Franklin vs Essex County
Nearby Franklin County, which has a population of 51,579 compared to Essex County’s 39,302, moved to a seven-member board of legislators in 1970. The 19 towns in the county still are represented on the local level by part-time supervisors, who make a salary that ranges from a low of $5,000 to a high of $16,000.
Health insurance is offered to only one Franklin County supervisor, Larry Miller in Harrietstown.
The seven members of the Franklin County Board of Legislators receive $15,000 annually, plus health benefits and reimbursement for mileage and other related expenses. The Legislative Chair makes $18,000 annually. They meet twice a month at the Franklin County Court House in Malone as well as periodically with the respective town boards they represent.
The seven districts are comprised of approximately 7,400 constituents each.
In comparison, Essex County supervisors are split, with 12 considered full-time and six part-time. Their salaries range from a low of $18,937 to a high of $53,857 and nearly all are offered health insurance through both the town and county, plus mileage and other related expenses.
A buy-out for those who opt not to take health insurance is also available at the county and in some towns. The buy-out incentive at the town level varies, at the county it is $3,000 for an individual, or $5,000 for a family plan.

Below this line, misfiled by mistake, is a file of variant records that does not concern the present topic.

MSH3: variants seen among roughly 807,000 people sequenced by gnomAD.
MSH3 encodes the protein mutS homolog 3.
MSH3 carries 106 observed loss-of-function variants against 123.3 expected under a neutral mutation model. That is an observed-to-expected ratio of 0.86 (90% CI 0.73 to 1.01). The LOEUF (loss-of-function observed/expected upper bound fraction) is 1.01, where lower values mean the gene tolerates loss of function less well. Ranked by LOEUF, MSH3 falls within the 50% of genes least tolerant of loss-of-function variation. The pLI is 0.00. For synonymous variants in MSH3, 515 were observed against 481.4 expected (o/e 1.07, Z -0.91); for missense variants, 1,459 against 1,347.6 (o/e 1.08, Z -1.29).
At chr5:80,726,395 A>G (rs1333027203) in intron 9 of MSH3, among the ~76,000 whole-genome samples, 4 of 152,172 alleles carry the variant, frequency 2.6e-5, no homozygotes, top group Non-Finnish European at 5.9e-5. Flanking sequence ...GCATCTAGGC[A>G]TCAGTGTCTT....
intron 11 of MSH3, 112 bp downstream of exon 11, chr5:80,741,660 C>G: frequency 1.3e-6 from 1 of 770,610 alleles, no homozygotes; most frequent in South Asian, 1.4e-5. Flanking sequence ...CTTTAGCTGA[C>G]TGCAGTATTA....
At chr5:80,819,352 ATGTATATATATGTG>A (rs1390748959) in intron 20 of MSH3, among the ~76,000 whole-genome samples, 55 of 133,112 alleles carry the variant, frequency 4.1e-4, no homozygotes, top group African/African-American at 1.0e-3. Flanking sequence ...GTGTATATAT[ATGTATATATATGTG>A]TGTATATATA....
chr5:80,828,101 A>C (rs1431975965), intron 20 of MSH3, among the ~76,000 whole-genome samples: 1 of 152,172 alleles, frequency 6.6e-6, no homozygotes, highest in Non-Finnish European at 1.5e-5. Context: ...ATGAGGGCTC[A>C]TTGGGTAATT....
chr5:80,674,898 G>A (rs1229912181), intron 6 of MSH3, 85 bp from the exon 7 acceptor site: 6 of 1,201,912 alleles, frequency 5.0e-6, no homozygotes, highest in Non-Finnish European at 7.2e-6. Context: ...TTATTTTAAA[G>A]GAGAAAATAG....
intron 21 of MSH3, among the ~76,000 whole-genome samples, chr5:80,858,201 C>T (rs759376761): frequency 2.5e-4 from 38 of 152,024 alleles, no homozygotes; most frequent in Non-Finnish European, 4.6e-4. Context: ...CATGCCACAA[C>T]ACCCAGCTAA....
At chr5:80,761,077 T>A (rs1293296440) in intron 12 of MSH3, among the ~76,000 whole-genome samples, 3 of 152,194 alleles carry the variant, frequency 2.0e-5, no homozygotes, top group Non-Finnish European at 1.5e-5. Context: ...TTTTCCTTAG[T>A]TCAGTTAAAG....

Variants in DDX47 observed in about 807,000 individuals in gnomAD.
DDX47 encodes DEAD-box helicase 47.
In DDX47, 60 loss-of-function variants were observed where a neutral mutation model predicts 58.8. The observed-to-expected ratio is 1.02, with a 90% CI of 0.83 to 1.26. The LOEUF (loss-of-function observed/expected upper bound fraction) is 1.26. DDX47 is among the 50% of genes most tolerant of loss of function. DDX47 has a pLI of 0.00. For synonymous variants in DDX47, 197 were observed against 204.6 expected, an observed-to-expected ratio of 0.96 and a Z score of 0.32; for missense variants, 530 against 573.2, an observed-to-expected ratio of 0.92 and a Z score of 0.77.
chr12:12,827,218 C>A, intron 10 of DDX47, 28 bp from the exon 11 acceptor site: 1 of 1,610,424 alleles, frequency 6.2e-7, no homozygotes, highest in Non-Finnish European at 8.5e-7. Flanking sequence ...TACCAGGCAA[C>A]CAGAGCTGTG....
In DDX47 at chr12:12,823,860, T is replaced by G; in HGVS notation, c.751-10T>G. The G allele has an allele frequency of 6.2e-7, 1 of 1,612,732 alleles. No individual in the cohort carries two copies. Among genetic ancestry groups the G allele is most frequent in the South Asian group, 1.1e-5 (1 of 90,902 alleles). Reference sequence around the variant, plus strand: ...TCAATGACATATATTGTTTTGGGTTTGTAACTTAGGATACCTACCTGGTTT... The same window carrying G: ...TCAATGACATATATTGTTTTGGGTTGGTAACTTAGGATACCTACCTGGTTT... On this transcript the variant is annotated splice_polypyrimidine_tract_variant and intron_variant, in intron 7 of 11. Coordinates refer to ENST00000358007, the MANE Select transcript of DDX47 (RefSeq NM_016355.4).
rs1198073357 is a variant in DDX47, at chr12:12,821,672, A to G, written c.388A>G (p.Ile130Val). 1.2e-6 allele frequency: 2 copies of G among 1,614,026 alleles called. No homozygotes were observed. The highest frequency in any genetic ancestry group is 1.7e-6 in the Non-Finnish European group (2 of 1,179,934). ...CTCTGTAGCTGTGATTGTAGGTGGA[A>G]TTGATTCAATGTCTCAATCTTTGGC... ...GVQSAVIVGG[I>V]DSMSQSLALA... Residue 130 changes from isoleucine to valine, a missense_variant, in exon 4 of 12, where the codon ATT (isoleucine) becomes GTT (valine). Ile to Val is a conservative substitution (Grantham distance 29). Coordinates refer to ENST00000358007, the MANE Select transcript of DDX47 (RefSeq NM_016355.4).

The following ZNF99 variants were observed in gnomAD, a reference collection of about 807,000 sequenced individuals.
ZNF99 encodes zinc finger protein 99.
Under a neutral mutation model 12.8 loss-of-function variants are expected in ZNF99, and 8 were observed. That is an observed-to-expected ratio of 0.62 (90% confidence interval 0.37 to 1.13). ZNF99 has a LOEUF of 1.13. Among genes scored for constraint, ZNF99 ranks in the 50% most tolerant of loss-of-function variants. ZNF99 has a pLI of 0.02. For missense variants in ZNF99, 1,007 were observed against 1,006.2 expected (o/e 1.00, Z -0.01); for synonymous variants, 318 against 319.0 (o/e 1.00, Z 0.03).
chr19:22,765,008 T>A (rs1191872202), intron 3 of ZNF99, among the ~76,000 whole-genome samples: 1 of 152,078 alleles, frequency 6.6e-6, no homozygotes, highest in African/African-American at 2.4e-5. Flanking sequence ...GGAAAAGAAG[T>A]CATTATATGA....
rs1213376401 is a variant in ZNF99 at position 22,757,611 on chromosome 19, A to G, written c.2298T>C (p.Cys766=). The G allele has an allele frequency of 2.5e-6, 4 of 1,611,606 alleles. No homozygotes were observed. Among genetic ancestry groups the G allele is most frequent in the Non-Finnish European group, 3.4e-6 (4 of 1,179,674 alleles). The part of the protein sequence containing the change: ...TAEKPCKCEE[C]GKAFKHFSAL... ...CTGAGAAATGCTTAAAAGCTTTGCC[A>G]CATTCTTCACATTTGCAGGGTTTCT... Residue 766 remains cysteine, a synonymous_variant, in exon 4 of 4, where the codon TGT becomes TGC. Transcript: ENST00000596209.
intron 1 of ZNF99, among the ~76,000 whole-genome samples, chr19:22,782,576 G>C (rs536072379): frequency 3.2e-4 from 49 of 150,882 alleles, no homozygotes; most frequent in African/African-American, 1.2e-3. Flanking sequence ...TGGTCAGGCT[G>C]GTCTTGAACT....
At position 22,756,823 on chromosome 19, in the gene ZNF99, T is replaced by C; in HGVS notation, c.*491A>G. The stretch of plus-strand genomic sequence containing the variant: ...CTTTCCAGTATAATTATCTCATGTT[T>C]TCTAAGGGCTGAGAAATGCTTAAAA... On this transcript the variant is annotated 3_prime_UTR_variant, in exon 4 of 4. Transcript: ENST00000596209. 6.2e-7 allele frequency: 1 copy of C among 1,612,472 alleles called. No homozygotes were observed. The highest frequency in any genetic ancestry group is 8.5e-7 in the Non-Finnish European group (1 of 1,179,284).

Essex County supervisors are also paid $17,335 each from the county, the budget liaison receives $19,438 and the chair of the board receives $22,339.
Looking strictly at county salaries and putting other benefits aside, that means Franklin County’s Board of Legislator’s make $108,000 annually, compared to Essex County at $319,137, a difference of $211,137.
Allowing more participation
Ed Hatch, who now serves as supervisor of Willsboro, said he campaigned on disbanding the board of supervisors in favor of a legislature.
A board of supervisors is an effective form of government, Hatch said, but only if supervisors can separate town from county business.
“Unfortunately, that doesn’t always happen,” he said.
Plus, the time demand of representing both a town and county eliminates a lot of capable people from running for the post, Hatch said.
In counties that have a legislature, like Clinton and Franklin, legislators have other full-time professional jobs, like teaching and operating businesses.
The system in Essex County makes it so those individuals cannot participate, and instead encourages people to make politics their life occupation, Hatch said.
“When they started making it their jobs — at every level of government — it changed everything,” he said.
While the concept of moving from a county board of supervisors to a legislature has been raised twice in Essex County, and defeated by voters twice, Hatch said it is time to address it again.
“I’d support a board of legislators,” he said. “It’s time, and it has to be done.”